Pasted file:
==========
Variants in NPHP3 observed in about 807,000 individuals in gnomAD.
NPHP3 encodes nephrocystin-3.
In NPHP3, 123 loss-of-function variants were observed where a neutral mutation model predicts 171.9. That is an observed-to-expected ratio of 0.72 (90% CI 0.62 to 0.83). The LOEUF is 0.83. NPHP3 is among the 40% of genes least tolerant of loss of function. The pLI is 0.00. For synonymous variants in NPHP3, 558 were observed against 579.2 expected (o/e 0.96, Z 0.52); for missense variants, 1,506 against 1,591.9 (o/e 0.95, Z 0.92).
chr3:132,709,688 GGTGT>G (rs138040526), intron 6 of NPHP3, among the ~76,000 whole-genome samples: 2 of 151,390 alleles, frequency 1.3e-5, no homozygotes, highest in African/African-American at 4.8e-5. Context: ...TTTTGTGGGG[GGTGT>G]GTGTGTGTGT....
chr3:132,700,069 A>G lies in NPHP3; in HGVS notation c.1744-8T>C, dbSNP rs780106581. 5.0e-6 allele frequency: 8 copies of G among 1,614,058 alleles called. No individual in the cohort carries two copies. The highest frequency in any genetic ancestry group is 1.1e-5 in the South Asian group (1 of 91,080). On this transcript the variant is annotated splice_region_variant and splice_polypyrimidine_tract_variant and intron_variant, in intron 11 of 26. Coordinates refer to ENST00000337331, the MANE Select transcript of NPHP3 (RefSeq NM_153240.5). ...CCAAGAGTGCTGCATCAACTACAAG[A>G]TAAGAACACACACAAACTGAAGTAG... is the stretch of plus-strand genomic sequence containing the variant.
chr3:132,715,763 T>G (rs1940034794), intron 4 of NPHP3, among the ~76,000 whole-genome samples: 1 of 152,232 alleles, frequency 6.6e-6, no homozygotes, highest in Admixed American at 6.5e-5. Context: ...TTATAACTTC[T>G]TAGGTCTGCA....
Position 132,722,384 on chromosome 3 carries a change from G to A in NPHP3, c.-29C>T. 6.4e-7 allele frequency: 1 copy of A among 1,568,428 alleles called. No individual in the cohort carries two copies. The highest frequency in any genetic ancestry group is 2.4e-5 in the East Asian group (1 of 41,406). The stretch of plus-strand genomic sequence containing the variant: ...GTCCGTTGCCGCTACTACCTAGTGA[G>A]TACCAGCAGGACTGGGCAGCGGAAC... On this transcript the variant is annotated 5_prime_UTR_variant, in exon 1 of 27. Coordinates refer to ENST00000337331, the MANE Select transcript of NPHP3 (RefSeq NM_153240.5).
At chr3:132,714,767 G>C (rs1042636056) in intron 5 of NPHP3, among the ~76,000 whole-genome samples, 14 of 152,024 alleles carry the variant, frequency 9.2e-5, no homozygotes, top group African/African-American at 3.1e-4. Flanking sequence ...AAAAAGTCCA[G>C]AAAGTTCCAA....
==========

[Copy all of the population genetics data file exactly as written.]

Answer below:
Variants in NPHP3 observed in about 807,000 individuals in gnomAD.
NPHP3 encodes nephrocystin-3.
In NPHP3, 123 loss-of-function variants were observed where a neutral mutation model predicts 171.9. That is an observed-to-expected ratio of 0.72 (90% CI 0.62 to 0.83). The LOEUF is 0.83. NPHP3 is among the 40% of genes least tolerant of loss of function. The pLI is 0.00. For synonymous variants in NPHP3, 558 were observed against 579.2 expected (o/e 0.96, Z 0.52); for missense variants, 1,506 against 1,591.9 (o/e 0.95, Z 0.92).
chr3:132,709,688 GGTGT>G (rs138040526), intron 6 of NPHP3, among the ~76,000 whole-genome samples: 2 of 151,390 alleles, frequency 1.3e-5, no homozygotes, highest in African/African-American at 4.8e-5. Context: ...TTTTGTGGGG[GGTGT>G]GTGTGTGTGT....
chr3:132,700,069 A>G lies in NPHP3; in HGVS notation c.1744-8T>C, dbSNP rs780106581. 5.0e-6 allele frequency: 8 copies of G among 1,614,058 alleles called. No individual in the cohort carries two copies. The highest frequency in any genetic ancestry group is 1.1e-5 in the South Asian group (1 of 91,080). On this transcript the variant is annotated splice_region_variant and splice_polypyrimidine_tract_variant and intron_variant, in intron 11 of 26. Coordinates refer to ENST00000337331, the MANE Select transcript of NPHP3 (RefSeq NM_153240.5). ...CCAAGAGTGCTGCATCAACTACAAG[A>G]TAAGAACACACACAAACTGAAGTAG... is the stretch of plus-strand genomic sequence containing the variant.
chr3:132,715,763 T>G (rs1940034794), intron 4 of NPHP3, among the ~76,000 whole-genome samples: 1 of 152,232 alleles, frequency 6.6e-6, no homozygotes, highest in Admixed American at 6.5e-5. Context: ...TTATAACTTC[T>G]TAGGTCTGCA....
Position 132,722,384 on chromosome 3 carries a change from G to A in NPHP3, c.-29C>T. 6.4e-7 allele frequency: 1 copy of A among 1,568,428 alleles called. No individual in the cohort carries two copies. The highest frequency in any genetic ancestry group is 2.4e-5 in the East Asian group (1 of 41,406). The stretch of plus-strand genomic sequence containing the variant: ...GTCCGTTGCCGCTACTACCTAGTGA[G>A]TACCAGCAGGACTGGGCAGCGGAAC... On this transcript the variant is annotated 5_prime_UTR_variant, in exon 1 of 27. Coordinates refer to ENST00000337331, the MANE Select transcript of NPHP3 (RefSeq NM_153240.5).
At chr3:132,714,767 G>C (rs1042636056) in intron 5 of NPHP3, among the ~76,000 whole-genome samples, 14 of 152,024 alleles carry the variant, frequency 9.2e-5, no homozygotes, top group African/African-American at 3.1e-4. Flanking sequence ...AAAAAGTCCA[G>C]AAAGTTCCAA....